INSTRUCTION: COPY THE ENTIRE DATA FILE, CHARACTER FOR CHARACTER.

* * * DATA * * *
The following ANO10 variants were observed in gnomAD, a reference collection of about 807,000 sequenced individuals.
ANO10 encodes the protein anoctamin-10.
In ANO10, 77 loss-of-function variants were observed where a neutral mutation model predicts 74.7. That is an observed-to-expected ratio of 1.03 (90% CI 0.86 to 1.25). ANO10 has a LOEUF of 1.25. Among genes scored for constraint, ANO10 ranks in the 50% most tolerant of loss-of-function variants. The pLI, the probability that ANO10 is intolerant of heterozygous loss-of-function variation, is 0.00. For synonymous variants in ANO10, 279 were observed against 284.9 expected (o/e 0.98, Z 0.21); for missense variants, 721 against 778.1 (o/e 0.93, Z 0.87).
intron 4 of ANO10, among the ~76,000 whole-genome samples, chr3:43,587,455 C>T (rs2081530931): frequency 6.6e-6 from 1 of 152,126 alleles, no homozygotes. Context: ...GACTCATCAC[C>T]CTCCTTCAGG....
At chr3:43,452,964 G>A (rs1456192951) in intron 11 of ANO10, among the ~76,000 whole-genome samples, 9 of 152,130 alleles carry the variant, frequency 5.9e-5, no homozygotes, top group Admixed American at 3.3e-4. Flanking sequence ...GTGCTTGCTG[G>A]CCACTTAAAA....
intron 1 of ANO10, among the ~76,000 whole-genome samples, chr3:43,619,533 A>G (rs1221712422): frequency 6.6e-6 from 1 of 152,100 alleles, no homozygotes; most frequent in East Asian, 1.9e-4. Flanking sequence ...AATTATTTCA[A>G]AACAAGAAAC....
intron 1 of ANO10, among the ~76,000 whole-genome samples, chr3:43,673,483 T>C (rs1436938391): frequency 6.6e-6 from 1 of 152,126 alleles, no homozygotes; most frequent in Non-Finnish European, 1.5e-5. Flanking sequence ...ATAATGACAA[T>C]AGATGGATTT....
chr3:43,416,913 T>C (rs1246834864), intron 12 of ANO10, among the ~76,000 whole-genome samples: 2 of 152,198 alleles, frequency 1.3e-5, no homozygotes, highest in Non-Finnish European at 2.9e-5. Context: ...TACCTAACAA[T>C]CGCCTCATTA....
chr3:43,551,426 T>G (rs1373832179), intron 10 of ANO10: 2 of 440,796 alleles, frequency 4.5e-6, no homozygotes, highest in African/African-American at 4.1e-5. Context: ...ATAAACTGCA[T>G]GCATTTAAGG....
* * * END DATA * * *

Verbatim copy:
The following ANO10 variants were observed in gnomAD, a reference collection of about 807,000 sequenced individuals.
ANO10 encodes the protein anoctamin-10.
In ANO10, 77 loss-of-function variants were observed where a neutral mutation model predicts 74.7. That is an observed-to-expected ratio of 1.03 (90% CI 0.86 to 1.25). ANO10 has a LOEUF of 1.25. Among genes scored for constraint, ANO10 ranks in the 50% most tolerant of loss-of-function variants. The pLI, the probability that ANO10 is intolerant of heterozygous loss-of-function variation, is 0.00. For synonymous variants in ANO10, 279 were observed against 284.9 expected (o/e 0.98, Z 0.21); for missense variants, 721 against 778.1 (o/e 0.93, Z 0.87).
intron 4 of ANO10, among the ~76,000 whole-genome samples, chr3:43,587,455 C>T (rs2081530931): frequency 6.6e-6 from 1 of 152,126 alleles, no homozygotes. Context: ...GACTCATCAC[C>T]CTCCTTCAGG....
At chr3:43,452,964 G>A (rs1456192951) in intron 11 of ANO10, among the ~76,000 whole-genome samples, 9 of 152,130 alleles carry the variant, frequency 5.9e-5, no homozygotes, top group Admixed American at 3.3e-4. Flanking sequence ...GTGCTTGCTG[G>A]CCACTTAAAA....
intron 1 of ANO10, among the ~76,000 whole-genome samples, chr3:43,619,533 A>G (rs1221712422): frequency 6.6e-6 from 1 of 152,100 alleles, no homozygotes; most frequent in East Asian, 1.9e-4. Flanking sequence ...AATTATTTCA[A>G]AACAAGAAAC....
intron 1 of ANO10, among the ~76,000 whole-genome samples, chr3:43,673,483 T>C (rs1436938391): frequency 6.6e-6 from 1 of 152,126 alleles, no homozygotes; most frequent in Non-Finnish European, 1.5e-5. Flanking sequence ...ATAATGACAA[T>C]AGATGGATTT....
chr3:43,416,913 T>C (rs1246834864), intron 12 of ANO10, among the ~76,000 whole-genome samples: 2 of 152,198 alleles, frequency 1.3e-5, no homozygotes, highest in Non-Finnish European at 2.9e-5. Context: ...TACCTAACAA[T>C]CGCCTCATTA....
chr3:43,551,426 T>G (rs1373832179), intron 10 of ANO10: 2 of 440,796 alleles, frequency 4.5e-6, no homozygotes, highest in African/African-American at 4.1e-5. Context: ...ATAAACTGCA[T>G]GCATTTAAGG....